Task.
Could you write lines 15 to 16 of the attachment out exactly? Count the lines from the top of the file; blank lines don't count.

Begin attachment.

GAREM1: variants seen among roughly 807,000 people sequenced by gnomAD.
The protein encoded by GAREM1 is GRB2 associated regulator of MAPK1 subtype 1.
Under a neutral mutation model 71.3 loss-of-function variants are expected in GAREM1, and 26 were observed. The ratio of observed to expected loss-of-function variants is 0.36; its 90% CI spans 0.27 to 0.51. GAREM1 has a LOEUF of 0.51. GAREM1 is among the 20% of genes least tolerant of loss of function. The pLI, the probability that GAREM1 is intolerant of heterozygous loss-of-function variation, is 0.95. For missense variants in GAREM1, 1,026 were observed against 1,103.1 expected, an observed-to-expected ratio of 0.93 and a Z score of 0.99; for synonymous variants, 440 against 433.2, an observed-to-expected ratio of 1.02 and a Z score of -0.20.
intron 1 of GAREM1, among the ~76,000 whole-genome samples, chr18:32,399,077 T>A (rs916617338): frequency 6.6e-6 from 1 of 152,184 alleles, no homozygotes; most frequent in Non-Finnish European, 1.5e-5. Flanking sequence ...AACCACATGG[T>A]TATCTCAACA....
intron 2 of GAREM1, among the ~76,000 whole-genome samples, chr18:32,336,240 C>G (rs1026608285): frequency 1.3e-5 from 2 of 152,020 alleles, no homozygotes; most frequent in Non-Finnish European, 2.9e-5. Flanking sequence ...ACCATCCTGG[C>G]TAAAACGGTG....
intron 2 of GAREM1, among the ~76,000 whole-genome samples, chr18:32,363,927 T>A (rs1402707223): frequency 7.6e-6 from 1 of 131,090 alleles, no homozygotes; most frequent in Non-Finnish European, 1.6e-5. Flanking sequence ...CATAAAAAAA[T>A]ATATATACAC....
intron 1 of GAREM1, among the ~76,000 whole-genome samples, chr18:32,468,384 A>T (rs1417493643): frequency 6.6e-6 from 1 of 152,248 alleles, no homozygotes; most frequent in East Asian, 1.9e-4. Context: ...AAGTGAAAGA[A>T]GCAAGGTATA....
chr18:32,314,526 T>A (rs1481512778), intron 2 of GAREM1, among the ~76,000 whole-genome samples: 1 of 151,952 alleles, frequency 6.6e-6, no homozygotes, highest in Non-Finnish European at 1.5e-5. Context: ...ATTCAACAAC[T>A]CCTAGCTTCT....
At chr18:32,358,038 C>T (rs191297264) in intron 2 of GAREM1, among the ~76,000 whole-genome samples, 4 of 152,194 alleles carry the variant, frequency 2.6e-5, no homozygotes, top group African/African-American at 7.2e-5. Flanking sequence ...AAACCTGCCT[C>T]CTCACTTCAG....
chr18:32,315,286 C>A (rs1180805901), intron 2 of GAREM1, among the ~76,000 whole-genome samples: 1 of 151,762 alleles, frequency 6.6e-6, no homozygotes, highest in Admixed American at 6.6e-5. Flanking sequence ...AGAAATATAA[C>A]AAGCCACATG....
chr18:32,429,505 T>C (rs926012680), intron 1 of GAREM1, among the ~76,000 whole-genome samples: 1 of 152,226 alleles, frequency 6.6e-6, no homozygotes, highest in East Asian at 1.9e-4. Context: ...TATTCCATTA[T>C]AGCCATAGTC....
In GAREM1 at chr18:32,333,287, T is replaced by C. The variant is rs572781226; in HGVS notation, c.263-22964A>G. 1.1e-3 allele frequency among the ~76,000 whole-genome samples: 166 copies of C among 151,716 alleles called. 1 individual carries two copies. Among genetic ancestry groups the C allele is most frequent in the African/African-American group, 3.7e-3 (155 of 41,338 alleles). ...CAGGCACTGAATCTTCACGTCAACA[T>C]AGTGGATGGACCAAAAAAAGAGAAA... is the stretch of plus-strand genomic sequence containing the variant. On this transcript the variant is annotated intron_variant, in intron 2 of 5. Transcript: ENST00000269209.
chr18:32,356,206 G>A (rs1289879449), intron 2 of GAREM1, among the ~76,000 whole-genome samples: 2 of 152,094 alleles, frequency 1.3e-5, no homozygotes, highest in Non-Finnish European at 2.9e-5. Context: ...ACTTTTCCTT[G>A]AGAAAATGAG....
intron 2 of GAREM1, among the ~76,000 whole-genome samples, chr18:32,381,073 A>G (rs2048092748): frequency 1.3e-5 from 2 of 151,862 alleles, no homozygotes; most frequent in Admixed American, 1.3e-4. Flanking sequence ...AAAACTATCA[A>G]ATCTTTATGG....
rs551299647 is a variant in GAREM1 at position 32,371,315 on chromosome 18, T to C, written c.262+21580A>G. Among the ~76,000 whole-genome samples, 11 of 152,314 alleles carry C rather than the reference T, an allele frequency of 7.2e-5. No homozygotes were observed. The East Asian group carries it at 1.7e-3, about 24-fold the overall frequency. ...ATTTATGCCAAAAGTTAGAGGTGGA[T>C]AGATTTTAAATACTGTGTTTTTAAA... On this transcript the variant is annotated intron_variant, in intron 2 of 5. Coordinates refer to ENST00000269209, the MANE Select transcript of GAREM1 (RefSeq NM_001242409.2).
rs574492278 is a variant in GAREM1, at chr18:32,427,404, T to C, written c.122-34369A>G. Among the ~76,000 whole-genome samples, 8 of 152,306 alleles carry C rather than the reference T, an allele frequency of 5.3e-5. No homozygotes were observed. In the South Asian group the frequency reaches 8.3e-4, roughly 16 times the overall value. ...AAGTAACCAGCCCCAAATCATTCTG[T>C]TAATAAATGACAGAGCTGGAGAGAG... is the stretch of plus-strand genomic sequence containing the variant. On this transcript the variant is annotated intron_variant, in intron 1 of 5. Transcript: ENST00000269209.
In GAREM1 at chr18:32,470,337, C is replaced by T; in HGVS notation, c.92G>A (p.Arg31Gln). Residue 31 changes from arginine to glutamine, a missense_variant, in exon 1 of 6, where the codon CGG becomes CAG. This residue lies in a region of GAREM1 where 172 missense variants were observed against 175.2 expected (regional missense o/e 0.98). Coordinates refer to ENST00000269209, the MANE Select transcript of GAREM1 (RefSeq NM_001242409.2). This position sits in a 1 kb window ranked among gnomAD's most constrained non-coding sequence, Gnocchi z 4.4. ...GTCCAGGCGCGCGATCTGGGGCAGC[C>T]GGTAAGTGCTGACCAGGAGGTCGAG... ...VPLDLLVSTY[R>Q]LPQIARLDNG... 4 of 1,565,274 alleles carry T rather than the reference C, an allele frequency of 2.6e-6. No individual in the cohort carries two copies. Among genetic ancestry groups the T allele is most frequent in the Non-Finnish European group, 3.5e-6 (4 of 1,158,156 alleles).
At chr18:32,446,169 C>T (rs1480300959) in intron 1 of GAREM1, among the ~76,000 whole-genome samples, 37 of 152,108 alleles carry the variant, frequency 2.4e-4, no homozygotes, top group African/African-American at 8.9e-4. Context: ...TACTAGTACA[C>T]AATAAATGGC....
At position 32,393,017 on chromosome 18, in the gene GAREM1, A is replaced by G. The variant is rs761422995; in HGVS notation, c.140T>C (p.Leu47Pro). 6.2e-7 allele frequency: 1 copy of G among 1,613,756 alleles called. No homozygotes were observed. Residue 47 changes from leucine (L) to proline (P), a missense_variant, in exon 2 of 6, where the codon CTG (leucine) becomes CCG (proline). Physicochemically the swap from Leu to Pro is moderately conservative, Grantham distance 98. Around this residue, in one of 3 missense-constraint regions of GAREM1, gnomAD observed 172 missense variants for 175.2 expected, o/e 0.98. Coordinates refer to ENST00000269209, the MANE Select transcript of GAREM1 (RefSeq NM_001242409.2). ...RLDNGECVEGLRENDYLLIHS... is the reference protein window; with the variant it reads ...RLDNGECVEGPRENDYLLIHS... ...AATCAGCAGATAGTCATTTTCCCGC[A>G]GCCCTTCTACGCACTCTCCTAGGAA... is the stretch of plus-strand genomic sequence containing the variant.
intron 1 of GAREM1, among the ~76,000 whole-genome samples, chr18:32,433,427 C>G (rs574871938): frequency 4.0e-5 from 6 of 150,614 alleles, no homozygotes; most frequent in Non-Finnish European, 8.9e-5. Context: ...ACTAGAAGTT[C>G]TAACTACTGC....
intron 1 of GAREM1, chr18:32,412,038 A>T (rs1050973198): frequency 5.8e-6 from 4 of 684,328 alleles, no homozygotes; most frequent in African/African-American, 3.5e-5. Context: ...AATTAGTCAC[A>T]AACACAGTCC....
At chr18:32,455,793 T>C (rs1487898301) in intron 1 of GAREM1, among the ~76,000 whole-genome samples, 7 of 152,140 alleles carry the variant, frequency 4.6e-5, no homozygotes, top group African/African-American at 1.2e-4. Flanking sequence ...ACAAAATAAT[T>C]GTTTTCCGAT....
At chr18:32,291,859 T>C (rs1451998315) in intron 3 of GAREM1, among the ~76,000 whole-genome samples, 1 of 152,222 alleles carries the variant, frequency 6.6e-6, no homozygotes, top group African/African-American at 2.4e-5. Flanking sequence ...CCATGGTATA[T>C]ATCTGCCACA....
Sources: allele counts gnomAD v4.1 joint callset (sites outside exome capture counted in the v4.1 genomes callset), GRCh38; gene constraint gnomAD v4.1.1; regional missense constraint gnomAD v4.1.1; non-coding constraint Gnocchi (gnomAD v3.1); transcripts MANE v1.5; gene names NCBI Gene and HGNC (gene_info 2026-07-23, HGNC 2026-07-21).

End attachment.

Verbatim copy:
rs551299647 is a variant in GAREM1 at position 32,371,315 on chromosome 18, T to C, written c.262+21580A>G. Among the ~76,000 whole-genome samples, 11 of 152,314 alleles carry C rather than the reference T, an allele frequency of 7.2e-5. No homozygotes were observed. The East Asian group carries it at 1.7e-3, about 24-fold the overall frequency. ...ATTTATGCCAAAAGTTAGAGGTGGA[T>C]AGATTTTAAATACTGTGTTTTTAAA... On this transcript the variant is annotated intron_variant, in intron 2 of 5. Coordinates refer to ENST00000269209, the MANE Select transcript of GAREM1 (RefSeq NM_001242409.2).
rs574492278 is a variant in GAREM1, at chr18:32,427,404, T to C, written c.122-34369A>G. Among the ~76,000 whole-genome samples, 8 of 152,306 alleles carry C rather than the reference T, an allele frequency of 5.3e-5. No homozygotes were observed. In the South Asian group the frequency reaches 8.3e-4, roughly 16 times the overall value. ...AAGTAACCAGCCCCAAATCATTCTG[T>C]TAATAAATGACAGAGCTGGAGAGAG... is the stretch of plus-strand genomic sequence containing the variant. On this transcript the variant is annotated intron_variant, in intron 1 of 5. Transcript: ENST00000269209.